Reading the latest reports might lead one to believe that Copenhagen was destined to be a disappointment. “That is wrong”, he insisted. On the contrary, he believed a deal would be reached that set the stage for a binding treaty as soon as possible in 2010, notably since United States President Barack Obama and Chinese President Hu Jintao had pledged to work together to reach an agreement that covered all issues and which took immediate operational effect.
Further, Indonesia had announced it would reduce emissions by 26 per cent, while Russia, at this week’s European Union summit, indicated it was ready to cut greenhouse gas emissions by as much as 25 per cent by 2020, if others did the same, he said. Just yesterday, the Republic of Korea had announced it would reduce emissions by 30 per cent by 2020, while Brazil had pledged to curb emissions between 38 and 42 per cent by 2020. Japan had unveiled a 25 per cent target and Norway, a 40 per cent cut. Taken together “we have ample reason to be positive”, he said.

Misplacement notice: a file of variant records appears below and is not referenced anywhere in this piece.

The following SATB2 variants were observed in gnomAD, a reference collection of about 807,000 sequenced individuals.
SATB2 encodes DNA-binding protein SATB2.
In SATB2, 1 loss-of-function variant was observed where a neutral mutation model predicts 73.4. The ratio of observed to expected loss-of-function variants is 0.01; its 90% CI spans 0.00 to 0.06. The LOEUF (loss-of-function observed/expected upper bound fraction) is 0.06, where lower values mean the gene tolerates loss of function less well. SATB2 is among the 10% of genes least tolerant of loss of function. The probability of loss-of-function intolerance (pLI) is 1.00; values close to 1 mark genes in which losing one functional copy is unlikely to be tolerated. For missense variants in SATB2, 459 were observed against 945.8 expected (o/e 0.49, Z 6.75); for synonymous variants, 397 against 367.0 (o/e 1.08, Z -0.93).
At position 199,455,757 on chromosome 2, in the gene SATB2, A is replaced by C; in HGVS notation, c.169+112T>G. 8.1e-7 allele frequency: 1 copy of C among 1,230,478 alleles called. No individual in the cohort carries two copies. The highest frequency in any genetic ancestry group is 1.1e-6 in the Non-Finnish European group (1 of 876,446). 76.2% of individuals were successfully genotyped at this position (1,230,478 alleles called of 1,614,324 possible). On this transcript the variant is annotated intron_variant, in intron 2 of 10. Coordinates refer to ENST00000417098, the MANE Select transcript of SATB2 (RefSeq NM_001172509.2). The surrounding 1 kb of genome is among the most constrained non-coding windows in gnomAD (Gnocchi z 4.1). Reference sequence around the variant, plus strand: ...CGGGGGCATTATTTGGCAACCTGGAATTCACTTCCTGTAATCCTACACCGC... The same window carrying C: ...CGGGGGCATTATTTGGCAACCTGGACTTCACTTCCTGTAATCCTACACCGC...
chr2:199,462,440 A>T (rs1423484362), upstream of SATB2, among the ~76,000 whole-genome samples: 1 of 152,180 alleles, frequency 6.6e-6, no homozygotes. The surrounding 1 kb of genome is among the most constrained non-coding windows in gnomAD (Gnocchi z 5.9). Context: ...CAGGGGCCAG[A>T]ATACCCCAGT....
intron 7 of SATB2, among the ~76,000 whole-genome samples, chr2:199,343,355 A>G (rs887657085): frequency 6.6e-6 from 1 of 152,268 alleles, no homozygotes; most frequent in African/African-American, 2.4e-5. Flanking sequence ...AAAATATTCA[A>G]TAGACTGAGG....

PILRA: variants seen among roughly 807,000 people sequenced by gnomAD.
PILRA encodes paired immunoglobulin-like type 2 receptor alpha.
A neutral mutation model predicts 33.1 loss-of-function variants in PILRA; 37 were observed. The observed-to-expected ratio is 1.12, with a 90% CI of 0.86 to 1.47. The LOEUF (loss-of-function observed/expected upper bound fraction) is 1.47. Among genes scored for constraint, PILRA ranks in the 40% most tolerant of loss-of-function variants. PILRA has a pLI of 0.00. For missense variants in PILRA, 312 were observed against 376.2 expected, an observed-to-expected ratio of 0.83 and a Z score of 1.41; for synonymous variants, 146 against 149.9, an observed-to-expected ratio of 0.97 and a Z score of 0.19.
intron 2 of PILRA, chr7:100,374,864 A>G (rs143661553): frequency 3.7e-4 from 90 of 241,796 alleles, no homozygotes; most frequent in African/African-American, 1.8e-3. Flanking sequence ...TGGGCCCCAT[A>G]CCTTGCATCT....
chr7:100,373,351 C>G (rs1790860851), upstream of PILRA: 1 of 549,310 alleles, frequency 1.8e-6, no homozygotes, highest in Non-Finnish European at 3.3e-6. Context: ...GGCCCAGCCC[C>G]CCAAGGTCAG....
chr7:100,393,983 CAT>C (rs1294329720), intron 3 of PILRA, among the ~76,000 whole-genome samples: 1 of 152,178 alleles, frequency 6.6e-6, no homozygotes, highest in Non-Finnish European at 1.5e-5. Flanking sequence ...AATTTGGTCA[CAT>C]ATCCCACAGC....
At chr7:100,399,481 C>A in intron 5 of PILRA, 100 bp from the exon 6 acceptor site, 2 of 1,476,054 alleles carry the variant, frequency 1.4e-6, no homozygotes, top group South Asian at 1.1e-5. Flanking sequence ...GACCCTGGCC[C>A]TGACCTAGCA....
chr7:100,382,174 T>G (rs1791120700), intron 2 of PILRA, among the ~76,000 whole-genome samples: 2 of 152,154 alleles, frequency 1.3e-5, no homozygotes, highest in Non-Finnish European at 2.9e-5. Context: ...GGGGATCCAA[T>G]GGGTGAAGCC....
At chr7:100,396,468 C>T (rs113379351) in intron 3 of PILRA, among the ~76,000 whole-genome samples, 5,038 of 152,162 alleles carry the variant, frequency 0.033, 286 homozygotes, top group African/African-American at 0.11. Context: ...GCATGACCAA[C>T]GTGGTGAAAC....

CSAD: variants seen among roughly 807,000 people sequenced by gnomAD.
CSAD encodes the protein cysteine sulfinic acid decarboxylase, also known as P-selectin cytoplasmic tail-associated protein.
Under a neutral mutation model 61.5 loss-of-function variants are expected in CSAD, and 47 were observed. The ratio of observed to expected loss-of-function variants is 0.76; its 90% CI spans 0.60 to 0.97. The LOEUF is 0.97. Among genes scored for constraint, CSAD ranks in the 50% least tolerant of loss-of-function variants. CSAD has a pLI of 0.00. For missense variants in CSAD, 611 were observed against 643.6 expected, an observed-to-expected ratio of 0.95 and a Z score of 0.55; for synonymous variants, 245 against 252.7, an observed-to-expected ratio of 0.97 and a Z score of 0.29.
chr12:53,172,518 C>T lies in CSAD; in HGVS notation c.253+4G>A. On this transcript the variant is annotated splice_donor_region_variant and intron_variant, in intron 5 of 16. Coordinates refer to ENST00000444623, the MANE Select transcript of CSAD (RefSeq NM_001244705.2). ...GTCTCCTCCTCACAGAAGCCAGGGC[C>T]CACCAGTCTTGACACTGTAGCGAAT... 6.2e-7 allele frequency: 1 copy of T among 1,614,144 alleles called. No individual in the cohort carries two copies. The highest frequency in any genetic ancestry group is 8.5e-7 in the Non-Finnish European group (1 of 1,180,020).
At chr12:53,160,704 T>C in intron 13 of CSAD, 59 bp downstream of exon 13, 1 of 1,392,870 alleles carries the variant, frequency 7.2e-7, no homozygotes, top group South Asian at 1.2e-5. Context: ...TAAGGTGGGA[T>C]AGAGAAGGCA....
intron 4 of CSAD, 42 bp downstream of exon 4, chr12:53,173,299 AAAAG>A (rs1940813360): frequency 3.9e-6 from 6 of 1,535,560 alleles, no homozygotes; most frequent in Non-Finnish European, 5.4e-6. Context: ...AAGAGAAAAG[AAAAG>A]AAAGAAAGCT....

The outlines of agreement were also shaping up on difficult issues of adaptation, technology and capacity building, he said, and there was convergence, as well, on reducing emissions from deforestation. His message: stay positive, stay engaged and come to Copenhagen to seal a deal.
Five areas required strong commitments, he explained, the first of which was on ambitious mid-term mitigation targets from industrialized countries. Ambitious mitigation initiatives were needed from developing countries that went beyond “business as usual”. Financing and technology were also needed, as was an ambitious adaptation package to assist the most vulnerable.